AIM-listed gas explorer Sound Energy attracted a lot of trading-related chatter last week when the company’s shares plunged to the lowest level year-to-date after it said it was considering selling its concessions in East Morocco.
Like with many early stage oil and gas exploration companies much of the enthusiasm for Sound Energy shares was built on hope and that hope evaporated sometime after three of the most recently tested wells proved either dry or not commercially viable.
Sound Energy’s Morocco turning point
Sound Energy is focused on finding gas in West and East Morocco and while the concessions in West Morocco discovered commercially viable gas, the eastern part has mainly been a drain on resources. In the western part the explorer is talking to the Moroccan government about a gas sales agreement with a view to eventually selling the gas to local power plants.
In terms of the eastern Morocco concessions, Sound Energy is now at a turning point where it will either have to cut its losses or end up sitting on unproductive land. Given the history of the east Moroccan exploration, the obvious question is why would another explorer buy a concession that so far did not prove feasible, particularly given that Sound Energy’s partner Schlumberger was involved in early testing on the sites?
The share price has been reflecting this conundrum, gradually eroding from a peak of GBP30.78 in early January to GBP17.28 before the news in May. It then swiftly lost another GBP7 and is now trading at around GBP10.50.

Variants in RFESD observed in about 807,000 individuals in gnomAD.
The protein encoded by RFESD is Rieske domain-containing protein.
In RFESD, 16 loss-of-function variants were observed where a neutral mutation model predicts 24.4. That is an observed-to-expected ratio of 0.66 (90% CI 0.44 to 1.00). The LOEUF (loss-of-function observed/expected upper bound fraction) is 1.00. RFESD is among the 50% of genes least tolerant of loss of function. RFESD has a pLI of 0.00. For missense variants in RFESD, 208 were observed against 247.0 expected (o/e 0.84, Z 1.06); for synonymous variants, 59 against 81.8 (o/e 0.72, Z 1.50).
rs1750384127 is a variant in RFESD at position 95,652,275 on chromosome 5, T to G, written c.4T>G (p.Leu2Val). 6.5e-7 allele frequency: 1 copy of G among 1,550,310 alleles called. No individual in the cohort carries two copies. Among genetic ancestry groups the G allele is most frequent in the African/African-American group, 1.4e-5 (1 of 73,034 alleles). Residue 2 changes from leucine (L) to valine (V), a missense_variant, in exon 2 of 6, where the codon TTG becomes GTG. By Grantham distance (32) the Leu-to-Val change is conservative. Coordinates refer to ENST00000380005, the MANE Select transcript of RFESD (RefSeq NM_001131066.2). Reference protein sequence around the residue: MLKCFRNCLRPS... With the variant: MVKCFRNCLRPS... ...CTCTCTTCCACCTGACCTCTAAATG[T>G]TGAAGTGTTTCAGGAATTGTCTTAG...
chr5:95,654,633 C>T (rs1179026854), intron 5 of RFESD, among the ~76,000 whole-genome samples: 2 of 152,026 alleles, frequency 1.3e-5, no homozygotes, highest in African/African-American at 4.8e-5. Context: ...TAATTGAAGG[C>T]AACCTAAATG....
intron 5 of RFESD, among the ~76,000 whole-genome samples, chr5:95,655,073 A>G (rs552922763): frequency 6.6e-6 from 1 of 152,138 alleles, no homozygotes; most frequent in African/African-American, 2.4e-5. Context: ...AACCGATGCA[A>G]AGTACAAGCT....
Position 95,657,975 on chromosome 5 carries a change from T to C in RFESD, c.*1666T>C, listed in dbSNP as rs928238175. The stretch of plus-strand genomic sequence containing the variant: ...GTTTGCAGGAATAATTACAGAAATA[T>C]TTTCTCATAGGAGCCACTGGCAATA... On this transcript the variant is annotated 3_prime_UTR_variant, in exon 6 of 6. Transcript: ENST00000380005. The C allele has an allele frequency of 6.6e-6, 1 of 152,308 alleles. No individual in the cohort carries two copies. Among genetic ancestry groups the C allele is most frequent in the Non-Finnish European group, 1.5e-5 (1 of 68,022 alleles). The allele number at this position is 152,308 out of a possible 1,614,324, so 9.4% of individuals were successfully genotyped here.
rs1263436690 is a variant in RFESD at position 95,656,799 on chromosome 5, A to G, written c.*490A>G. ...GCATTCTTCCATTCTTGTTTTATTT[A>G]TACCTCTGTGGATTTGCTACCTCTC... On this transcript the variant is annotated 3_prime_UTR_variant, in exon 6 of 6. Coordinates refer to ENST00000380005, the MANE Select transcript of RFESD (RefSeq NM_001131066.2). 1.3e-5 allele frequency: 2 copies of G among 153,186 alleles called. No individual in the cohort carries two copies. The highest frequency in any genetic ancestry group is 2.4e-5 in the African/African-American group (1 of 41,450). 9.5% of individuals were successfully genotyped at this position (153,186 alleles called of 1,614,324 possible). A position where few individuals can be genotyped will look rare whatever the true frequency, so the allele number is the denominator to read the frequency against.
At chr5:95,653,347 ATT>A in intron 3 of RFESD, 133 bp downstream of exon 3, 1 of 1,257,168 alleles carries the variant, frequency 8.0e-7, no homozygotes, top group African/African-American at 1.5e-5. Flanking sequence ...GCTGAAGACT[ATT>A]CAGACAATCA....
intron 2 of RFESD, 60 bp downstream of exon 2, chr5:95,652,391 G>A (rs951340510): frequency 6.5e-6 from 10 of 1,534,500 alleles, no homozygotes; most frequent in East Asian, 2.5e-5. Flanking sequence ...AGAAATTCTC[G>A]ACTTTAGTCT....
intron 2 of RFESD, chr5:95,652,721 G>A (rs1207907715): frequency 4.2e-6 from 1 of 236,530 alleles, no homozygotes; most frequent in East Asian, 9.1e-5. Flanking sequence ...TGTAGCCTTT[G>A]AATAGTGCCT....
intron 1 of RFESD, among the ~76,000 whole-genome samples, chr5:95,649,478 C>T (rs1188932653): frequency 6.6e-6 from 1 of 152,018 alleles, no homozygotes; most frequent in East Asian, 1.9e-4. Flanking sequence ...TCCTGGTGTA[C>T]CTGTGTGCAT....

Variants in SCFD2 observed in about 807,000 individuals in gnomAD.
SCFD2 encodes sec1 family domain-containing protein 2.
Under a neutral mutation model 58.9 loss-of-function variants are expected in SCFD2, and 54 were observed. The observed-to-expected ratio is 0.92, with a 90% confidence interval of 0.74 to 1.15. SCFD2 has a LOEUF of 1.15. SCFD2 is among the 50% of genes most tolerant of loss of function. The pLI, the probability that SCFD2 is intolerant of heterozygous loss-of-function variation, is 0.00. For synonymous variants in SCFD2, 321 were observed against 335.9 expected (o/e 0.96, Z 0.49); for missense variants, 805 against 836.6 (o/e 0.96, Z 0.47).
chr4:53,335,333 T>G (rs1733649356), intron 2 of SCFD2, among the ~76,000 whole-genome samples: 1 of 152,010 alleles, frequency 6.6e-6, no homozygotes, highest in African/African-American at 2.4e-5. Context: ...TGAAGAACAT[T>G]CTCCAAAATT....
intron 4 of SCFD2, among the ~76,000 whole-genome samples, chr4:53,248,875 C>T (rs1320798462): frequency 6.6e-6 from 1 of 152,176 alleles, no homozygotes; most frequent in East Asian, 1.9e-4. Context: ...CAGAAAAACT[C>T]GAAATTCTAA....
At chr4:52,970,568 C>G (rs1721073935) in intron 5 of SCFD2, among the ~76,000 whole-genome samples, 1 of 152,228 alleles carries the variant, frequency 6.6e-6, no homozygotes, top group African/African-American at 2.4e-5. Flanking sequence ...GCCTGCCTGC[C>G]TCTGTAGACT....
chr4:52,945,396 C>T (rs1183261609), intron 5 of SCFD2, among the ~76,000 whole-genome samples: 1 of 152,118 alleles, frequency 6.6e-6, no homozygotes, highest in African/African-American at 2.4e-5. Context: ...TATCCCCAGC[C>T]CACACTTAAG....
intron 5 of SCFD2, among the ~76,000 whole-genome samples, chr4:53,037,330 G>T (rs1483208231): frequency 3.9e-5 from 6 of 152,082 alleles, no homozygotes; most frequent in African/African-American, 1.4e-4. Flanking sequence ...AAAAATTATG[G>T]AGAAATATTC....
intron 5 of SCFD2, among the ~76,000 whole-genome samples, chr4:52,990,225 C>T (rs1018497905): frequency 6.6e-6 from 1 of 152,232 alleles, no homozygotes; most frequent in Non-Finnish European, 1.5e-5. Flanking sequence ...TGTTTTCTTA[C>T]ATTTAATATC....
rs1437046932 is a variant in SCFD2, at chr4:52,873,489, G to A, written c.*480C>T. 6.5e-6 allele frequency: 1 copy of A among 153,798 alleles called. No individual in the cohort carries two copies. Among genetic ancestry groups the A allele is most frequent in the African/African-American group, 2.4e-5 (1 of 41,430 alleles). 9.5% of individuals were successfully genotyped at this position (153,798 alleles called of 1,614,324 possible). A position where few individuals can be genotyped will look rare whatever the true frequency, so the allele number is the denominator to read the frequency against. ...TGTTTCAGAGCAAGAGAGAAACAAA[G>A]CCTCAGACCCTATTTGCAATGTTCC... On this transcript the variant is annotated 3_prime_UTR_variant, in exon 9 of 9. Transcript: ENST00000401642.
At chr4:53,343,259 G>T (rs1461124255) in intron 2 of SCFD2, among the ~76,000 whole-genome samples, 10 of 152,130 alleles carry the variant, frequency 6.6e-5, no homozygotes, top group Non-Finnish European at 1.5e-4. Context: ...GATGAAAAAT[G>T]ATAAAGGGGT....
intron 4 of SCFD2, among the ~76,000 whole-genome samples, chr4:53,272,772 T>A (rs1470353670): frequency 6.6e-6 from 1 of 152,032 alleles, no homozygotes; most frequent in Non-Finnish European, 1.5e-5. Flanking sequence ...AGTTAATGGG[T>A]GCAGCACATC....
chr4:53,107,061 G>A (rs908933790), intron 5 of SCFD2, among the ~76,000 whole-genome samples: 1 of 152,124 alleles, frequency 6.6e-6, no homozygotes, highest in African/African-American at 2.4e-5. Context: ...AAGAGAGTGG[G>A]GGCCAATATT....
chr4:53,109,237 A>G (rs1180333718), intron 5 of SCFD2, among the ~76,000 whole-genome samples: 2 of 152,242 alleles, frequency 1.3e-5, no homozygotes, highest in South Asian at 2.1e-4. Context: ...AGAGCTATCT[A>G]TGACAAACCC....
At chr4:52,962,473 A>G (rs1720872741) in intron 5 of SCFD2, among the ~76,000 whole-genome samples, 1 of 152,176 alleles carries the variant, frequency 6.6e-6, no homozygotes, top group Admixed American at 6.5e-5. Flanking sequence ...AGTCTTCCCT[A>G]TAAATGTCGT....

Where next for Sound Energy shares?
The explorer’s chief executive James Parsons, not to be mixed up with US actor James Parson who plays Sheldon in the Big Bang theory, will address the question of where to next for Sound Energy at the company’s fireside chat event for investors next Monday.
Parsons, who also holds a number of non-executive chair positions in other exploration companies including Echo Energy and Coro Energy, recently said the company is considering whether or not to sell Sound Energy’s East Morocco concession before a final investment decision on the Tendrara TE-5 production area.
Financially, an income stream for the company is still a long way away. The non-binding offer from the Moroccan government has yet to become a signed contract before Sound Energy can look into building a power plant in Western Morocco. A better analysis will have to be made closer to the time when gas prices, gas availability and the reliability of the local players will also come into play.